Massive Rotating Stars in the Pleiades Cluster

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The Pleiades star cluster, a brilliant collection of several hundred stars visible in the winter sky near the constellation of Orion, has been admired by people for thousands of years; it is cited in the Bible and the works of Greek authors.

It is a relatively young star cluster whose estimated age is only about 100 million years, meaning that it was born long after the Jurassic dinosaurs had passed into history.

The Pleiades cluster is also relatively close by, only about 448 light-years away, which is why it is such a visual splendor and also why it is such a tempting target for astronomers.

The brightest stars in the Pleiades cluster have been studied spectroscopically for more than a century.

The stellar spectrum not only reveals a star’s character, the positions and shapes of its atomic lines reveal the star’s motions, both its line-of-sight motion in space (its radial velocity) and its rotation. One of the most extensive spectroscopic programs in the last century lasted for nearly 20 years focused on the moderate mass stars, leading to the discovery and characterization of many new binary stars in the cluster.

But while it is relatively easy to measure the radial velocities of moderate mass stars, more massive ones are more challenging because they have fewer lines and the line profiles are typically very broad because these stars tend to rotate rapidly, some with rotational velocities in excess of 200 km/sec.

As a result, the radial velocities of the more massive stars in the Pleiades are generally of poor quality. Nevertheless, over the years more than a dozen of them have been claimed to be possible binary stars, or variable, and in some cases tentative orbits have even been published, but few of these conclusions have been confirmed.

CfA astronomer Guillermo Torres undertook to investigate some of the unconfirmed claims about these more massive stars, ranging from about two to four solar-masses, using new observations gathered over the course of eleven years of observations with the Tillinghast Reflector Echelle Spectrograph (TRES) on the 1.5 m Tillinghast Reflector at SAO’s Fred L.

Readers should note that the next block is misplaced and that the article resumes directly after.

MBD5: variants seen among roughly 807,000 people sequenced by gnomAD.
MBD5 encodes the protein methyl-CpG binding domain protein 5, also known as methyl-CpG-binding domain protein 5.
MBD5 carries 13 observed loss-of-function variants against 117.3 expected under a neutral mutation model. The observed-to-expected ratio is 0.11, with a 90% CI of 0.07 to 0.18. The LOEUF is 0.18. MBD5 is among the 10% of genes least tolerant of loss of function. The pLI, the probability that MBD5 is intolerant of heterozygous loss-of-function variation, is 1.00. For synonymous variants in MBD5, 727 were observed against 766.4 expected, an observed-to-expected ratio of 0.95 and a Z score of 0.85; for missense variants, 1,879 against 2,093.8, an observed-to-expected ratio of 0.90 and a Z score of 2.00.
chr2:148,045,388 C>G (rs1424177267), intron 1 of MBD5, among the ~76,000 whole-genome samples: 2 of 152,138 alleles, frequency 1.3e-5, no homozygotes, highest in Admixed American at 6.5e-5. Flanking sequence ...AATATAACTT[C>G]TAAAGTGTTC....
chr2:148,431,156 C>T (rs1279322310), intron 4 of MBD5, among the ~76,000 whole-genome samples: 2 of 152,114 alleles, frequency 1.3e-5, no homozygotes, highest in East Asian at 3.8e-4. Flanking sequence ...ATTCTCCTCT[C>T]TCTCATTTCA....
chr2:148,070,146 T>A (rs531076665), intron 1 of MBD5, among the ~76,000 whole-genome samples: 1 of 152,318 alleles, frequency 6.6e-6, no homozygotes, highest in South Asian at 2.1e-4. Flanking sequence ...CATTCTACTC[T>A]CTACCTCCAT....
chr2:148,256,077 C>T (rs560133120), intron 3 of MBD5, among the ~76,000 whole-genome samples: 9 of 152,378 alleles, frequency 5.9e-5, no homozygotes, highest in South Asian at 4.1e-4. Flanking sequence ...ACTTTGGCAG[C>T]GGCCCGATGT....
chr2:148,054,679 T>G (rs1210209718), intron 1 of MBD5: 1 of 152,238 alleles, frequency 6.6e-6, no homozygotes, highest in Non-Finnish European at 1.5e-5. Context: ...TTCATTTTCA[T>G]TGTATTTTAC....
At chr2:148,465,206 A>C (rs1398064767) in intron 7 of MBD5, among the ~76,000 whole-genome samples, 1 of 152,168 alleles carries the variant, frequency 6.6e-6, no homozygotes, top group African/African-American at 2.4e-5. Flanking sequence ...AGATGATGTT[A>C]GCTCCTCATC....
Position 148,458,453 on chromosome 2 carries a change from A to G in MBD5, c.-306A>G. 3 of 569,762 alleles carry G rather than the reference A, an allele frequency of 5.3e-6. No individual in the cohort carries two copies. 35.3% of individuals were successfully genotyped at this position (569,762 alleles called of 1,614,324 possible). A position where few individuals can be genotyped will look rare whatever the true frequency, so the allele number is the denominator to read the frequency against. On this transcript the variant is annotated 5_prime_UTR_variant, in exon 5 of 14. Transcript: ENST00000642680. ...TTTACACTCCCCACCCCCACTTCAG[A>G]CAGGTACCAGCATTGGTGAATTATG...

Whipple Observatory on Mount Hopkins (AZ).

The goal of the survey was a more complete census of the suspected spectroscopic binaries in the cluster, a study that would also refine the estimates of the stellar masses.

The target list included thirty three rapidly rotating stars, and a further motivation for the work was to derive accurate and consistent rotational velocities for all the fast rotators.

With one or two exceptions Torres does not confirm any of the previous claims of variability, and he rules out all of the published orbital solutions for the binaries. He reports one previous binary actually has a period of 71.8 days, a second binary has a (preliminary) period estimated to be 8.7 years, and finds a new binary with a period of about ten years.

The study supports the conventional understanding that slightly more than one-third of these kinds of massive stars are in binary or higher multiple systems.

Reference: “Spectroscopic Monitoring of Rapidly Rotating Early-type Stars in the Pleiades Cluster” by Guillermo Torres, 25 September 2020, The Astrophysical Journal.DOI: 10.3847/1538-4357/abb136

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